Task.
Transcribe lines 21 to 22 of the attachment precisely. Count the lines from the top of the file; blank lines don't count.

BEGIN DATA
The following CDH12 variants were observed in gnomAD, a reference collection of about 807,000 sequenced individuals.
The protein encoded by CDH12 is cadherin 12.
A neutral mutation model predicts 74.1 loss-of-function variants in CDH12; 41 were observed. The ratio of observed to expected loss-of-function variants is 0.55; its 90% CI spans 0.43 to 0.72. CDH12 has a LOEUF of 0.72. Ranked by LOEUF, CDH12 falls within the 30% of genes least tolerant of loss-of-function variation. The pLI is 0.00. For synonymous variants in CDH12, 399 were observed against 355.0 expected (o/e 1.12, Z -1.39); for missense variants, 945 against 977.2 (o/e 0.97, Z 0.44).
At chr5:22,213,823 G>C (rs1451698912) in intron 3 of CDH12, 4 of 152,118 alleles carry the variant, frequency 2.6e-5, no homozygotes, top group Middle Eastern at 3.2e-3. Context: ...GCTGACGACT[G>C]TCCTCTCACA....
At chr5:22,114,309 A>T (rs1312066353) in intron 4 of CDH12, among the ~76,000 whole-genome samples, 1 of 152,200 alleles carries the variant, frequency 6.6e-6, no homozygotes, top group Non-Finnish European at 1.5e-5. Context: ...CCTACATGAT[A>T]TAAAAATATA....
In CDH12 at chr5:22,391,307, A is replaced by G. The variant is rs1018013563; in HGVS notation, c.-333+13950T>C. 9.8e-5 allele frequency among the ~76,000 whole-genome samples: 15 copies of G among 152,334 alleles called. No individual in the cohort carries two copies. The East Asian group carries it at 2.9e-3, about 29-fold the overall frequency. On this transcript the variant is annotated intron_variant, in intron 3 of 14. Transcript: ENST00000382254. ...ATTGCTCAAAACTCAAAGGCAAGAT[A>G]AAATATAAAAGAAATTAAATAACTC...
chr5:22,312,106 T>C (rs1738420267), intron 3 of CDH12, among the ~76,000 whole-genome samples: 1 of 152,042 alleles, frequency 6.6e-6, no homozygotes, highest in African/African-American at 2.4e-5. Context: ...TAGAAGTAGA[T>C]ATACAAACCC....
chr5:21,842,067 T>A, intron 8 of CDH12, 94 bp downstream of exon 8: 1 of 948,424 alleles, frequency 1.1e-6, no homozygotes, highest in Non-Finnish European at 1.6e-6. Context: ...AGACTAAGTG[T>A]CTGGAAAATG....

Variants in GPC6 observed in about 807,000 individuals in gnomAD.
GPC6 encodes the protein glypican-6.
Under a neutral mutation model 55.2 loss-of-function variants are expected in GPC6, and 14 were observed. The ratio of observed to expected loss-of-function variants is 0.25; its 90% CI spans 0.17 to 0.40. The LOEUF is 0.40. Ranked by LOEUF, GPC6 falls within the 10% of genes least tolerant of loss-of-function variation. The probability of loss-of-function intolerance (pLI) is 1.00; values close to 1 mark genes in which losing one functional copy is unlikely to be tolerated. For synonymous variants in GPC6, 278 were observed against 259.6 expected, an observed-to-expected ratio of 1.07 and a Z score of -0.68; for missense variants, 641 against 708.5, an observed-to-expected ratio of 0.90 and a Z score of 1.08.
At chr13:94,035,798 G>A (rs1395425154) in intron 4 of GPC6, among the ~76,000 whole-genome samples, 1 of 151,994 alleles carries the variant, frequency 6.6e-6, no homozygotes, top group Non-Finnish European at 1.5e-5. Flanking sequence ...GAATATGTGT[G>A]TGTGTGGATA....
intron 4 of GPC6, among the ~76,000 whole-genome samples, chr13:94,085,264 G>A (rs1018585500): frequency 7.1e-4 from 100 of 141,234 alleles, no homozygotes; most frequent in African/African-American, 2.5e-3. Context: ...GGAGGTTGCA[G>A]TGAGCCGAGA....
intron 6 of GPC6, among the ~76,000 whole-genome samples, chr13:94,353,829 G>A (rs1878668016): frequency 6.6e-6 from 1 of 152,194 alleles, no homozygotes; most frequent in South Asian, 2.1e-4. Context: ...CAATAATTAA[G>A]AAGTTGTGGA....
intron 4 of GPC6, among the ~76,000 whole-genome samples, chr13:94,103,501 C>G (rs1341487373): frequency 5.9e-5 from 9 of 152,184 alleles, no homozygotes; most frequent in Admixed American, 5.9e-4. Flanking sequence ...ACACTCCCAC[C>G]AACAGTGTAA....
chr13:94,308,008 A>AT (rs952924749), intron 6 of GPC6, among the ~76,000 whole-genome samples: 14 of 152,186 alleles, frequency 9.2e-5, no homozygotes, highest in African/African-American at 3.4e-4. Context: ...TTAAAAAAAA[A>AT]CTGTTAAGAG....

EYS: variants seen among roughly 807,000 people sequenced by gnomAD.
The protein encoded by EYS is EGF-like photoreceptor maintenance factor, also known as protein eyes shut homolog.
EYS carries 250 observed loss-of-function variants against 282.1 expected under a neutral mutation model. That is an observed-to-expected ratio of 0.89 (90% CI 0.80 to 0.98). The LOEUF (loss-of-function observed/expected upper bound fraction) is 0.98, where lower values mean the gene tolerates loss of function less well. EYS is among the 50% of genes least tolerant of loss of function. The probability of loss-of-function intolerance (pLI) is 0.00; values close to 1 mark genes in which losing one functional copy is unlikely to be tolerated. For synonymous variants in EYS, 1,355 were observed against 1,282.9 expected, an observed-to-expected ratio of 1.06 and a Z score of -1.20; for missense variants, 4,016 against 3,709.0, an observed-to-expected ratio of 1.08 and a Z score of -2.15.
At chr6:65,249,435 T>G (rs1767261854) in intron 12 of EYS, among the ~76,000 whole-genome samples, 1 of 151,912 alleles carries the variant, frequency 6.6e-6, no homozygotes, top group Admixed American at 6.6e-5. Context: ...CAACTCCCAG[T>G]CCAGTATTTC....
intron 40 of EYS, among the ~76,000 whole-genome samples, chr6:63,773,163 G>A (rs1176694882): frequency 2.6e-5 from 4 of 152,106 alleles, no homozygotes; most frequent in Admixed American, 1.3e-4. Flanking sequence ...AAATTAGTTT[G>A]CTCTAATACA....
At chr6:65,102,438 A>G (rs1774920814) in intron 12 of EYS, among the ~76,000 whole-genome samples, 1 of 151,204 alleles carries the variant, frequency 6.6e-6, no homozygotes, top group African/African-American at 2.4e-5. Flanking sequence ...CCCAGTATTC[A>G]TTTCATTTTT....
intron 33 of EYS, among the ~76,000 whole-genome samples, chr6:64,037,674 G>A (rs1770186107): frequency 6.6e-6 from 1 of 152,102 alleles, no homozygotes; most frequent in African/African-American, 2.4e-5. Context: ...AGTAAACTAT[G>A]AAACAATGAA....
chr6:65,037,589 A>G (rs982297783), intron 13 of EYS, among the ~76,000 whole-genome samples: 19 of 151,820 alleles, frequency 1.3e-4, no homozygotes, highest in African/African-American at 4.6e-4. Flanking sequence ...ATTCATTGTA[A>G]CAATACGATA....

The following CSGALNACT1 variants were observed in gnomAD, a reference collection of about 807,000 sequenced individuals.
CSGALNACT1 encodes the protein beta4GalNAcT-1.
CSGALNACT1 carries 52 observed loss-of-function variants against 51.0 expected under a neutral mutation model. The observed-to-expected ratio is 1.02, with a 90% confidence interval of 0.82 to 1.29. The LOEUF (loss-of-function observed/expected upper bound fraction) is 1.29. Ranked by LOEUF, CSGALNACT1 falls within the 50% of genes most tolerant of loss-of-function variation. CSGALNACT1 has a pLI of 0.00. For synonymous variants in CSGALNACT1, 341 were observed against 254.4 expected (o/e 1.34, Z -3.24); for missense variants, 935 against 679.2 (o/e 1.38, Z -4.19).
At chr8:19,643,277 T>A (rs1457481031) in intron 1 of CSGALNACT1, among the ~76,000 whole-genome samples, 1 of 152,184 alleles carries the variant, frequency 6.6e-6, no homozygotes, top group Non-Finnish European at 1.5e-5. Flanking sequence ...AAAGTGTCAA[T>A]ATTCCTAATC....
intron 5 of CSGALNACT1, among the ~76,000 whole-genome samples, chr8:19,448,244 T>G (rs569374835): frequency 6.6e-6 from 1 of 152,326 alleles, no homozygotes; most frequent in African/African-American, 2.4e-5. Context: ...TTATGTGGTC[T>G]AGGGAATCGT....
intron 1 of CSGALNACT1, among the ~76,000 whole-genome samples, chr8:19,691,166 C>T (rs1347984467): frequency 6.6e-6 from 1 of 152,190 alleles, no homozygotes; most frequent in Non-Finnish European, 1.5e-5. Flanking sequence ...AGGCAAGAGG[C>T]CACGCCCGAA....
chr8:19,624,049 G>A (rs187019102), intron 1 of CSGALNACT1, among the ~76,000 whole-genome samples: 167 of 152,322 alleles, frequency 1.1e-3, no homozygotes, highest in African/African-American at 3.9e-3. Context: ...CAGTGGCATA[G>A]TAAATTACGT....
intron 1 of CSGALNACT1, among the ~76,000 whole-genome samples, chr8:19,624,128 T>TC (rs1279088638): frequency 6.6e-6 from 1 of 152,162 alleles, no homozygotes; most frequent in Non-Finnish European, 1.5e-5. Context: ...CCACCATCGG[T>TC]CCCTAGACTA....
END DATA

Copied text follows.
intron 40 of EYS, among the ~76,000 whole-genome samples, chr6:63,773,163 G>A (rs1176694882): frequency 2.6e-5 from 4 of 152,106 alleles, no homozygotes; most frequent in Admixed American, 1.3e-4. Flanking sequence ...AAATTAGTTT[G>A]CTCTAATACA....
At chr6:65,102,438 A>G (rs1774920814) in intron 12 of EYS, among the ~76,000 whole-genome samples, 1 of 151,204 alleles carries the variant, frequency 6.6e-6, no homozygotes, top group African/African-American at 2.4e-5. Flanking sequence ...CCCAGTATTC[A>G]TTTCATTTTT....